‘Yellow Door: 90s Lo-fi Film Club’ Review/Recap: A Tribute To All The Cinephiles Of The 90s

In the vibrant days of youth, the Academy Award-winning filmmaker, Bong Joon-Ho, came across a group of extraordinary souls, brought together by a sole connection- the love for cinema. Before achieving global acclaim, Bong Joon-Ho was an ordinary college student with dreams of making films. With a group of graduate students and other movie buffs, Bong created a cinephile club, naming it ‘Yellow Door.’ Lee Hyuk-Rae, who was also an alum of the club, brought forth a heart-melting and inspiring documentary Yellow Door: 90s Lo-fi Film Club on Netflix. Reuniting with the former members of the club, Lee and Bong reminisced about those good old days of the 90s, when college life was as pleasing as the color palette of a Wes Anderson film.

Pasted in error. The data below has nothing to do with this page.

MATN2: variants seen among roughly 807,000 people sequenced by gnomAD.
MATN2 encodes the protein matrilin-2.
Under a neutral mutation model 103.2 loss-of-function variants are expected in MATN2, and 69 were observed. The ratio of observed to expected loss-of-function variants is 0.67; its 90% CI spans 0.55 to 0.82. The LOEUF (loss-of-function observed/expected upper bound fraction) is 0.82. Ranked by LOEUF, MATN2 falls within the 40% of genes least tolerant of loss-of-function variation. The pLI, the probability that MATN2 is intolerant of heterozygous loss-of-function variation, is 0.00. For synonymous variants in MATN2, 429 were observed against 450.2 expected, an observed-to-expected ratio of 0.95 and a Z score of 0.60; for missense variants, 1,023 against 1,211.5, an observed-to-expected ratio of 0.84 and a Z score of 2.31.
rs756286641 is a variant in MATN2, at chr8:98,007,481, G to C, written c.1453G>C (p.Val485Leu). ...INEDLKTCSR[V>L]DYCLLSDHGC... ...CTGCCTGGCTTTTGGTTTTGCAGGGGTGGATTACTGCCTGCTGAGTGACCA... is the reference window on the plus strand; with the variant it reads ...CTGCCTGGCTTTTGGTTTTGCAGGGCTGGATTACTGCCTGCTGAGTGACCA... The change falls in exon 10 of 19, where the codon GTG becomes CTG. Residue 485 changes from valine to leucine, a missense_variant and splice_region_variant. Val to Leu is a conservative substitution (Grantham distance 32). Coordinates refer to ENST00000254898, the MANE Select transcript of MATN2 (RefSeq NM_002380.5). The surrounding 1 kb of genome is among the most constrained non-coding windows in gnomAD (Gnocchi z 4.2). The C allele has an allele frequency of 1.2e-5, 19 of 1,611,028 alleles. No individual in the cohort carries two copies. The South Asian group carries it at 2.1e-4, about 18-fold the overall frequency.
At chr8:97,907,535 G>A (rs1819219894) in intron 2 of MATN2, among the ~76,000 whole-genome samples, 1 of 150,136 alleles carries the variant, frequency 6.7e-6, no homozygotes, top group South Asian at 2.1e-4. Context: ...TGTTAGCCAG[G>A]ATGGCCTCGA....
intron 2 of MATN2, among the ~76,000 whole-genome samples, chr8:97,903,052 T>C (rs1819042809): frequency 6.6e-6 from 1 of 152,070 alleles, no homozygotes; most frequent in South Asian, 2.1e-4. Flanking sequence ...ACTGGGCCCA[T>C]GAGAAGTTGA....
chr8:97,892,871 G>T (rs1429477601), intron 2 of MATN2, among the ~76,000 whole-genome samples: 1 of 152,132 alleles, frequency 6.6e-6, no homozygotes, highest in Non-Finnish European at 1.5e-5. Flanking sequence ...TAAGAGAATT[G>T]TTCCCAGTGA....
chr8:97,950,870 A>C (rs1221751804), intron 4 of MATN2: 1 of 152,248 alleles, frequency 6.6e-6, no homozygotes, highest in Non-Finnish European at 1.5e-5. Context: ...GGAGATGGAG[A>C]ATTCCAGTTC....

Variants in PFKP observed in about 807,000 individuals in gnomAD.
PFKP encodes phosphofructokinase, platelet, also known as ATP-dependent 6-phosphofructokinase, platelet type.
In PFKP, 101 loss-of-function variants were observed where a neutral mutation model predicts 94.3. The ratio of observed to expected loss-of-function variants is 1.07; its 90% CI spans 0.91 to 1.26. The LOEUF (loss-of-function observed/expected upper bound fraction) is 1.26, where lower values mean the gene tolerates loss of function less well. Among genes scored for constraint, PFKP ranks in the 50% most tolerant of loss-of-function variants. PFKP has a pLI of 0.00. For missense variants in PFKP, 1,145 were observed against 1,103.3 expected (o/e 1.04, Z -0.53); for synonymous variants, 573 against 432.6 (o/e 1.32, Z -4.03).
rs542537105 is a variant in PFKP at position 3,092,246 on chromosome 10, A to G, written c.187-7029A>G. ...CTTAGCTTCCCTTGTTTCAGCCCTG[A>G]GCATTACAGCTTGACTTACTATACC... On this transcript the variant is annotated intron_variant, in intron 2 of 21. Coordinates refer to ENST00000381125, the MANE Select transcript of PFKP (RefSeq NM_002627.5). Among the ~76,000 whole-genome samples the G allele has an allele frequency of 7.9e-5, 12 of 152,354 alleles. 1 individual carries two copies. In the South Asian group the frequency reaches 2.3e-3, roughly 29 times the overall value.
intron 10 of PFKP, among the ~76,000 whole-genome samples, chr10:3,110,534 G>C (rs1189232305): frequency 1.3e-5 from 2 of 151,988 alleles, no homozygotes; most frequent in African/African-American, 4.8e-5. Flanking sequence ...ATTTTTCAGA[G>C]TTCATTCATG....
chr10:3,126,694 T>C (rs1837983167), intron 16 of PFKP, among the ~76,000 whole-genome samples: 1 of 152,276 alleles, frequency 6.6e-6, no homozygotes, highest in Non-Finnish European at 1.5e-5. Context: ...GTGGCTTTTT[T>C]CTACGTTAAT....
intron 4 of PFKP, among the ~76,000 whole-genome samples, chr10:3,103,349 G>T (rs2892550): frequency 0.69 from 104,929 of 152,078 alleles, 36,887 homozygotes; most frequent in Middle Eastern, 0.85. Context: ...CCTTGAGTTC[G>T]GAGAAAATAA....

In the year of 1992, the cinephile club ‘Yellow Door’ was founded on the second floor of a building in Seogyo-dong. During this time, Bong Joon-Ho was a graduate student of sociology, while the other members of the club came from various other departments. In that bygone era, when films were not as accessible as they are now, Bong and his fellow cinephiles used to rely on bootleg VHS tapes. They used to make copies of those tapes, which were labeled by Bong himself. Bong was not only an admirer of cinema, but he devotedly studied those films. He used to analyze them, any particular scene of those movies, and even draw those sequences as a storyboard. Not only Bong, but everyone in the club, used to analyze those films, by studying and researching about them. There were some textbooks created by the members of the club that contained those movie analyses along with the storyboards created by Bong Joon-Ho. He showed one of those drawings of a scene from Godfather. However, later, while Bong shared the same stage as Coppola, he told him how he had analyzed Godfather during the time when he was young and running a film club. Bong’s love for cinema was not only limited to watching films, he started making films from that exact moment. As soon as he was able to buy a camcorder, Bong shot his first animation film, Looking for Paradise. This film featured nothing but a stuffed gorilla toy, and a caterpillar made of pieces of clothing. Looking for Paradise was nothing but an abridged animated experimental film by Bong, but each of the members of the club found a different interpretation of the film. Some of them could relate to the gorilla, and his journey to find paradise, while others struggled to remember the exact details of the film.